up. Now, you'll own that's talking. Handsomer you couldn't look to get,
now you. And I hope"--raising his voice--"that all hands in this here
block house will overhaul my words, for what is spoke to one is spoke to
Captain Smollett rose from his seat and knocked out the ashes of his
pipe in the palm of his left hand.
"Is that all?" he asked.
"Every last word, by thunder!" answered John. "Refuse that, and you've
seen the last of me but musket-balls."
"Very good," said the captain. "Now you'll hear me. If you'll come up
one by one, unarmed, I'll engage to clap you all in irons and take you
home to a fair trial in England. If you won't, my name is Alexander
Smollett, I've flown my sovereign's colours, and I'll see you all
to Davy Jones. You can't find the treasure. You can't sail the
ship--there's not a man among you fit to sail the ship. You can't fight
us--Gray, there, got away from five of you. Your ship's in irons, Master
Silver; you're on a lee shore, and so you'll find. I stand here and tell
you so; and they're the last good words you'll get from me, for in the
name of heaven, I'll put a bullet in your back when next I meet you.
Tramp, my lad. Bundle out of this, please, hand over hand, and double
Silver's face was a picture; his eyes started in his head with wrath. He
shook the fire out of his pipe.
"Give me a hand up!" he cried.
"Not I," returned the captain.
"Who'll give me a hand up?" he roared.
Not a man among us moved. Growling the foulest imprecations, he crawled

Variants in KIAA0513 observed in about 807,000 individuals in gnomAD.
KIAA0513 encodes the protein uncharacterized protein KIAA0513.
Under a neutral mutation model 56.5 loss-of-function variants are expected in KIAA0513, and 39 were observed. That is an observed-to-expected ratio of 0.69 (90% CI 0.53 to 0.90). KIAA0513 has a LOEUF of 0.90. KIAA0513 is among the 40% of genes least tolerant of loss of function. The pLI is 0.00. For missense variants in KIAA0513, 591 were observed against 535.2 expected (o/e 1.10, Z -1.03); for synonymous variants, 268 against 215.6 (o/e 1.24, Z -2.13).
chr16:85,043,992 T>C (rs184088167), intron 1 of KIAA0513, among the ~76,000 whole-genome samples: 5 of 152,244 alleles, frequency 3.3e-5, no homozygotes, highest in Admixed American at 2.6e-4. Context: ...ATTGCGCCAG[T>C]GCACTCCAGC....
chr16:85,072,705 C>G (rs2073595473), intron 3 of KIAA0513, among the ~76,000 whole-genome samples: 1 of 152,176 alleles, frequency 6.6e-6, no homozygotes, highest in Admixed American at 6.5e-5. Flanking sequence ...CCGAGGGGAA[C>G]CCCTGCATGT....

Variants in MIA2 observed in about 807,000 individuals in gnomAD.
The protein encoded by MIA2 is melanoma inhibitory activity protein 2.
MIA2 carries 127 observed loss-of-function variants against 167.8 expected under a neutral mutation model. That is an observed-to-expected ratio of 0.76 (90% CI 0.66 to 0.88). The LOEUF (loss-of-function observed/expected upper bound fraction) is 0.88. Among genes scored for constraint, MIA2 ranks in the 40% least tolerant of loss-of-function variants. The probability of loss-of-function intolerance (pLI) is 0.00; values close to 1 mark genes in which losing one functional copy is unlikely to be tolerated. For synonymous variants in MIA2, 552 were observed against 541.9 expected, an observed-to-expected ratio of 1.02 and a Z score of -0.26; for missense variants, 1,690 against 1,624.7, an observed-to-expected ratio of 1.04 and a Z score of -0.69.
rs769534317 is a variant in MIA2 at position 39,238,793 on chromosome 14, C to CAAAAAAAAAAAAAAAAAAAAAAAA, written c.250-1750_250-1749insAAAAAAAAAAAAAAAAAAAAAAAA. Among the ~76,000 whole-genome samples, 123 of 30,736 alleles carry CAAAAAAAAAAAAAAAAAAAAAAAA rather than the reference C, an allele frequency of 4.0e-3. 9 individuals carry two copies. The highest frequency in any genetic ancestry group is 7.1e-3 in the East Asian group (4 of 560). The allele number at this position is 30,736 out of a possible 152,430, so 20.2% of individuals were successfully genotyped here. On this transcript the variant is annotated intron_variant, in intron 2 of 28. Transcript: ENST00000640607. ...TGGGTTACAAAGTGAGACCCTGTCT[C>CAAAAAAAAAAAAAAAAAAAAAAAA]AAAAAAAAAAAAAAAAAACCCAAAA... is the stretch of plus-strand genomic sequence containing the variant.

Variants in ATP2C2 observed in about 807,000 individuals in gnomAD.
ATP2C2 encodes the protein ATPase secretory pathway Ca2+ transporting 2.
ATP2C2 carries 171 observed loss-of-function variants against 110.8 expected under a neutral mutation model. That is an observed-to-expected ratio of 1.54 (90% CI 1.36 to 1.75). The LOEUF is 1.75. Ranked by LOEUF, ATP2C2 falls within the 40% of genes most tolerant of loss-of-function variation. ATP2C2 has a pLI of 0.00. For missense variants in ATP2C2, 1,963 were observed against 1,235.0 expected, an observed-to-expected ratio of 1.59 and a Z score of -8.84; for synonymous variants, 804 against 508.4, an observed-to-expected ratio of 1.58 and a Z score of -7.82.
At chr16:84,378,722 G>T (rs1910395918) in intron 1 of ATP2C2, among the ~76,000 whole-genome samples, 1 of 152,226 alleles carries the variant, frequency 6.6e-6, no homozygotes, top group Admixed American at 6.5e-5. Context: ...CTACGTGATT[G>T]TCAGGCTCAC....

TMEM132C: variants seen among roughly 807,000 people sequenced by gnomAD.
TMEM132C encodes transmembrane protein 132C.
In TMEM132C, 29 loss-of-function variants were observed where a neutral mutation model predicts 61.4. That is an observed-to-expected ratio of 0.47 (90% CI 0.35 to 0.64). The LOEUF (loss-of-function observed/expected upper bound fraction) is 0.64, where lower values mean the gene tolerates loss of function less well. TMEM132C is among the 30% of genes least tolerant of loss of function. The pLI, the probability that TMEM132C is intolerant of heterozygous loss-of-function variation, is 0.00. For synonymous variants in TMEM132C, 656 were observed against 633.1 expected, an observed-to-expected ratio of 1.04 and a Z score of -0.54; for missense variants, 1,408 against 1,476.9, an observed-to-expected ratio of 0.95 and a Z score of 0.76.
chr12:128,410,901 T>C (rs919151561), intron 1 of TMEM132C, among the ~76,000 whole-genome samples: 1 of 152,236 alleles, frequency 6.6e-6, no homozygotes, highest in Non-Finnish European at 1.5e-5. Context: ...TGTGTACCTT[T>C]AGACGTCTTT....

along the sand till he got hold of the porch and could hoist himself
again upon his crutch. Then he spat into the spring.
"There!" he cried. "That's what I think of ye. Before an hour's out,
I'll stove in your old block house like a rum puncheon. Laugh, by
thunder, laugh! Before an hour's out, ye'll laugh upon the other side.
Them that die'll be the lucky ones."
And with a dreadful oath he stumbled off, ploughed down the sand, was
helped across the stockade, after four or five failures, by the man with
the flag of truce, and disappeared in an instant afterwards among the
AS soon as Silver disappeared, the captain, who had been closely
watching him, turned towards the interior of the house and found not a
man of us at his post but Gray. It was the first time we had ever seen
"Quarters!" he roared. And then, as we all slunk back to our places,
"Gray," he said, "I'll put your name in the log; you've stood by your
duty like a seaman. Mr. Trelawney, I'm surprised at you, sir. Doctor,
I thought you had worn the king's coat! If that was how you served at
Fontenoy, sir, you'd have been better in your berth."
The doctor's watch were all back at their loopholes, the rest were busy
loading the spare muskets, and everyone with a red face, you may be
certain, and a flea in his ear, as the saying is.
The captain looked on for a while in silence. Then he spoke.
"My lads," said he, "I've given Silver a broadside. I pitched it in
red-hot on purpose; and before the hour's out, as he said, we shall be
boarded. We're outnumbered, I needn't tell you that, but we fight in